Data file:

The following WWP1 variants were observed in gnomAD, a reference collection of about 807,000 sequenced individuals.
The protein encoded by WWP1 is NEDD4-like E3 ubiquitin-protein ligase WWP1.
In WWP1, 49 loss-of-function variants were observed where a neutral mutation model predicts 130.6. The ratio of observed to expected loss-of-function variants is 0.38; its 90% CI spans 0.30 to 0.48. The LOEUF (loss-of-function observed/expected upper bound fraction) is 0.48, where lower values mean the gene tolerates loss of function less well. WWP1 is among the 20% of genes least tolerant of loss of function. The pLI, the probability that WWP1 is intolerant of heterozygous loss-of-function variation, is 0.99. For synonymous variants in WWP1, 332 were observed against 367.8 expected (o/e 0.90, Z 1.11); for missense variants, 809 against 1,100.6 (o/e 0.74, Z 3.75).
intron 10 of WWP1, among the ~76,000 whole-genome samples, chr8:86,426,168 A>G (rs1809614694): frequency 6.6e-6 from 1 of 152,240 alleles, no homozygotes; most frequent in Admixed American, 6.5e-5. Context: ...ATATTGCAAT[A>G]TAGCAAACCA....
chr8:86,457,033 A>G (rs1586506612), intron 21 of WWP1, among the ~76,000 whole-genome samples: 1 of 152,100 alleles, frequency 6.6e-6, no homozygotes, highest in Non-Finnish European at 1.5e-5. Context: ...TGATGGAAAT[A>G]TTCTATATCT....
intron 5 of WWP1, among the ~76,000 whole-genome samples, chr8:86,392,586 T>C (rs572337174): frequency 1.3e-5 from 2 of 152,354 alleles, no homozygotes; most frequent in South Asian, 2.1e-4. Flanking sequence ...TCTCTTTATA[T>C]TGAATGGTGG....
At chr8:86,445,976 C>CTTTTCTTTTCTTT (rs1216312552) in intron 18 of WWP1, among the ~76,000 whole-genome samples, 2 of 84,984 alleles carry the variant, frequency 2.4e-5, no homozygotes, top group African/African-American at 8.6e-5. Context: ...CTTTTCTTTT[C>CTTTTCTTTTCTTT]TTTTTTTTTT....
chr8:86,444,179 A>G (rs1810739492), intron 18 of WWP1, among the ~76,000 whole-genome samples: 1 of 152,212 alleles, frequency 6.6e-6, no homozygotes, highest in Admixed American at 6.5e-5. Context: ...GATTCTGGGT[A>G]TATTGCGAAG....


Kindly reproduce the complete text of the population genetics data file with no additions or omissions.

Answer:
The following WWP1 variants were observed in gnomAD, a reference collection of about 807,000 sequenced individuals.
The protein encoded by WWP1 is NEDD4-like E3 ubiquitin-protein ligase WWP1.
In WWP1, 49 loss-of-function variants were observed where a neutral mutation model predicts 130.6. The ratio of observed to expected loss-of-function variants is 0.38; its 90% CI spans 0.30 to 0.48. The LOEUF (loss-of-function observed/expected upper bound fraction) is 0.48, where lower values mean the gene tolerates loss of function less well. WWP1 is among the 20% of genes least tolerant of loss of function. The pLI, the probability that WWP1 is intolerant of heterozygous loss-of-function variation, is 0.99. For synonymous variants in WWP1, 332 were observed against 367.8 expected (o/e 0.90, Z 1.11); for missense variants, 809 against 1,100.6 (o/e 0.74, Z 3.75).
intron 10 of WWP1, among the ~76,000 whole-genome samples, chr8:86,426,168 A>G (rs1809614694): frequency 6.6e-6 from 1 of 152,240 alleles, no homozygotes; most frequent in Admixed American, 6.5e-5. Context: ...ATATTGCAAT[A>G]TAGCAAACCA....
chr8:86,457,033 A>G (rs1586506612), intron 21 of WWP1, among the ~76,000 whole-genome samples: 1 of 152,100 alleles, frequency 6.6e-6, no homozygotes, highest in Non-Finnish European at 1.5e-5. Context: ...TGATGGAAAT[A>G]TTCTATATCT....
intron 5 of WWP1, among the ~76,000 whole-genome samples, chr8:86,392,586 T>C (rs572337174): frequency 1.3e-5 from 2 of 152,354 alleles, no homozygotes; most frequent in South Asian, 2.1e-4. Flanking sequence ...TCTCTTTATA[T>C]TGAATGGTGG....
At chr8:86,445,976 C>CTTTTCTTTTCTTT (rs1216312552) in intron 18 of WWP1, among the ~76,000 whole-genome samples, 2 of 84,984 alleles carry the variant, frequency 2.4e-5, no homozygotes, top group African/African-American at 8.6e-5. Context: ...CTTTTCTTTT[C>CTTTTCTTTTCTTT]TTTTTTTTTT....
chr8:86,444,179 A>G (rs1810739492), intron 18 of WWP1, among the ~76,000 whole-genome samples: 1 of 152,212 alleles, frequency 6.6e-6, no homozygotes, highest in Admixed American at 6.5e-5. Context: ...GATTCTGGGT[A>G]TATTGCGAAG....